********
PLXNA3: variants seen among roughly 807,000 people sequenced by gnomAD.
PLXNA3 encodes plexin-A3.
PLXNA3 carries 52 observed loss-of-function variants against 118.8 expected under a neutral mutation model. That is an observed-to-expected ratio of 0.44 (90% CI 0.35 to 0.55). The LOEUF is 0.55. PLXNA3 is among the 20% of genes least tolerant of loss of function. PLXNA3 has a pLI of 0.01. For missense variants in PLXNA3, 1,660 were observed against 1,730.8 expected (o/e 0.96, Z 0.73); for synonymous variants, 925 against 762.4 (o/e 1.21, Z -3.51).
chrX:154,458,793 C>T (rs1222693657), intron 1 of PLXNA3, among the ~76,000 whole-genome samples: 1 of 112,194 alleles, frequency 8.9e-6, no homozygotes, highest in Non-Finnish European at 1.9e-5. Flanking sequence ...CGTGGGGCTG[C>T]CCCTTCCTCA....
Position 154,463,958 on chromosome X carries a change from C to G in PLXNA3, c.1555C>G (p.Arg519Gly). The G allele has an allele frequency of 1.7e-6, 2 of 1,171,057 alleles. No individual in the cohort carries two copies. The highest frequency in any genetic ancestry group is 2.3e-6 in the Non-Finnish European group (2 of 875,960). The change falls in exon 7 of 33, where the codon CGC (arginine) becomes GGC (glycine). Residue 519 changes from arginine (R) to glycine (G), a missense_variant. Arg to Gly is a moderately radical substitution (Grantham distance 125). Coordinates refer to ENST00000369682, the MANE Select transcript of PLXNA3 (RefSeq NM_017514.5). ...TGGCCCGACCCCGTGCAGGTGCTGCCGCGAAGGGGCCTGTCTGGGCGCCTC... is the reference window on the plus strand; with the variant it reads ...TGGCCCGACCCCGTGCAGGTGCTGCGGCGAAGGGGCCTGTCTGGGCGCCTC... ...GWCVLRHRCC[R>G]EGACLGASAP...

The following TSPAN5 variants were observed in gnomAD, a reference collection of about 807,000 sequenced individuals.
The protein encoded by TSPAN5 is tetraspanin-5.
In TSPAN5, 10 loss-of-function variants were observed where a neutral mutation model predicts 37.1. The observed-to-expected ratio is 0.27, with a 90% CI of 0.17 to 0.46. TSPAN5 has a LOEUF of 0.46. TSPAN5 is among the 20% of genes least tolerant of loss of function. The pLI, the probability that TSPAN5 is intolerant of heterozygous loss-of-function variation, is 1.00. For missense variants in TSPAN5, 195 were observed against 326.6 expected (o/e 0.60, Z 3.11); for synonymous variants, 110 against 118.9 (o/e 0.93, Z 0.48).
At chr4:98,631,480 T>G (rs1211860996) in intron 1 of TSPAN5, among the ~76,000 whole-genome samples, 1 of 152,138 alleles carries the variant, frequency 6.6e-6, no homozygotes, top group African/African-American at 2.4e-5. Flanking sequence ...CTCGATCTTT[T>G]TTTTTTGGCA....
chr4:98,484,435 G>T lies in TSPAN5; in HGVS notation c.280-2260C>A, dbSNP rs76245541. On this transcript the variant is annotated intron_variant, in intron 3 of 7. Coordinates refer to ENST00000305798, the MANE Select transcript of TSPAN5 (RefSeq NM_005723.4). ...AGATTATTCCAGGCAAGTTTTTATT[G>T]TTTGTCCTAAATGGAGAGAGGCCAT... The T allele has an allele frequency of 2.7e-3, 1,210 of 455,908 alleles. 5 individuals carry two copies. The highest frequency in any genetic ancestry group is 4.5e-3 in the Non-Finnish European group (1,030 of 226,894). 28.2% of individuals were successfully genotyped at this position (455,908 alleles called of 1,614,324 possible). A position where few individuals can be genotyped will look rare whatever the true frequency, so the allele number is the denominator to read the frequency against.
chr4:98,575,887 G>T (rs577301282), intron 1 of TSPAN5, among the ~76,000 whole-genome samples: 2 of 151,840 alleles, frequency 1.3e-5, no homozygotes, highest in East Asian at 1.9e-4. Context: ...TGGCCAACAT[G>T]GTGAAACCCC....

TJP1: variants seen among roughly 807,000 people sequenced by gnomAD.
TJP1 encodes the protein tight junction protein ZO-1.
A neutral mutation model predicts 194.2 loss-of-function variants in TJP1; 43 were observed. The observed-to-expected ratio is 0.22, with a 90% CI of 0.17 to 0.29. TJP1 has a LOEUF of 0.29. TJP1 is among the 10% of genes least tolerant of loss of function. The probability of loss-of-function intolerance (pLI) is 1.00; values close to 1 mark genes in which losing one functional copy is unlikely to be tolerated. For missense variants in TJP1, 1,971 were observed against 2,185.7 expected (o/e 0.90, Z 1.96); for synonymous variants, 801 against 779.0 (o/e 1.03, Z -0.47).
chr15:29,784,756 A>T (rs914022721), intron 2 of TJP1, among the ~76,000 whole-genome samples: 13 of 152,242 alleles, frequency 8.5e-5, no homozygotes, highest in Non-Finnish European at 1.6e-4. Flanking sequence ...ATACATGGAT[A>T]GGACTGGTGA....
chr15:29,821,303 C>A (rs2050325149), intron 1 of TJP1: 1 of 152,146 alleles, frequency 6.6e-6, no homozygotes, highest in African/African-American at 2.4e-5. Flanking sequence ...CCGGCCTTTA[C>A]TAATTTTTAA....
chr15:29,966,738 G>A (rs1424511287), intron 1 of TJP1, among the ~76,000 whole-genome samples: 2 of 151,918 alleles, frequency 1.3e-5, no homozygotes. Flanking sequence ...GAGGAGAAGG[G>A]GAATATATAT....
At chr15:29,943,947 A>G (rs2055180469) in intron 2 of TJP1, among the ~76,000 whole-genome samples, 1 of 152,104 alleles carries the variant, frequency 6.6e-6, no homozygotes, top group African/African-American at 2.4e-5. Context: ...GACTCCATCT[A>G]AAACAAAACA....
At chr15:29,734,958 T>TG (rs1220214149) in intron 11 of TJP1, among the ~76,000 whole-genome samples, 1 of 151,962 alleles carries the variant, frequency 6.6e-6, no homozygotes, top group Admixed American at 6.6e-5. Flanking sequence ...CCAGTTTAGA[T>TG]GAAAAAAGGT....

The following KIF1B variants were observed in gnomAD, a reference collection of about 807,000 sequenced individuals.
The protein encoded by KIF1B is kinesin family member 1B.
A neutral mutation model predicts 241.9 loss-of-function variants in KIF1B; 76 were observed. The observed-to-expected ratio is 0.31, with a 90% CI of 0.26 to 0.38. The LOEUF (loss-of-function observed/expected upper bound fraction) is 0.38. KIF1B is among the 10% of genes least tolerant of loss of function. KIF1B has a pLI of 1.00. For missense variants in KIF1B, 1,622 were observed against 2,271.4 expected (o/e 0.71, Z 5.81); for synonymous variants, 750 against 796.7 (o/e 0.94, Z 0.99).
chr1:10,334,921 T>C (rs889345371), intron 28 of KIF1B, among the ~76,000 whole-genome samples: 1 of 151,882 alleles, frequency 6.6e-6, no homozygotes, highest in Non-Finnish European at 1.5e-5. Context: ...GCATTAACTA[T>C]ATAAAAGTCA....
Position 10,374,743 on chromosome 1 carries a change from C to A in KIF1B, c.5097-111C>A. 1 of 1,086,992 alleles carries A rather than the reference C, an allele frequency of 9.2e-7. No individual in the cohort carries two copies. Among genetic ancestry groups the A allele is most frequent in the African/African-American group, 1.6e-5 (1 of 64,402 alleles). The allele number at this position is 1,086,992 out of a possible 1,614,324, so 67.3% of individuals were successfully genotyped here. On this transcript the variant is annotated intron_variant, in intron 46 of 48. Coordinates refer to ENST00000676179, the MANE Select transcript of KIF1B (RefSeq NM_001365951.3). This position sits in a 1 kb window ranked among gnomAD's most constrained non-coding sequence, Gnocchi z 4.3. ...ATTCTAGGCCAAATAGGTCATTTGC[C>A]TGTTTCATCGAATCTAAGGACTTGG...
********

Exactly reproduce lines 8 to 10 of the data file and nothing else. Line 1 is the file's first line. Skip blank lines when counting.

In TSPAN5, 10 loss-of-function variants were observed where a neutral mutation model predicts 37.1. The observed-to-expected ratio is 0.27, with a 90% CI of 0.17 to 0.46. TSPAN5 has a LOEUF of 0.46. TSPAN5 is among the 20% of genes least tolerant of loss of function. The pLI, the probability that TSPAN5 is intolerant of heterozygous loss-of-function variation, is 1.00. For missense variants in TSPAN5, 195 were observed against 326.6 expected (o/e 0.60, Z 3.11); for synonymous variants, 110 against 118.9 (o/e 0.93, Z 0.48).
At chr4:98,631,480 T>G (rs1211860996) in intron 1 of TSPAN5, among the ~76,000 whole-genome samples, 1 of 152,138 alleles carries the variant, frequency 6.6e-6, no homozygotes, top group African/African-American at 2.4e-5. Flanking sequence ...CTCGATCTTT[T>G]TTTTTTGGCA....
chr4:98,484,435 G>T lies in TSPAN5; in HGVS notation c.280-2260C>A, dbSNP rs76245541. On this transcript the variant is annotated intron_variant, in intron 3 of 7. Coordinates refer to ENST00000305798, the MANE Select transcript of TSPAN5 (RefSeq NM_005723.4). ...AGATTATTCCAGGCAAGTTTTTATT[G>T]TTTGTCCTAAATGGAGAGAGGCCAT... The T allele has an allele frequency of 2.7e-3, 1,210 of 455,908 alleles. 5 individuals carry two copies. The highest frequency in any genetic ancestry group is 4.5e-3 in the Non-Finnish European group (1,030 of 226,894). 28.2% of individuals were successfully genotyped at this position (455,908 alleles called of 1,614,324 possible). A position where few individuals can be genotyped will look rare whatever the true frequency, so the allele number is the denominator to read the frequency against.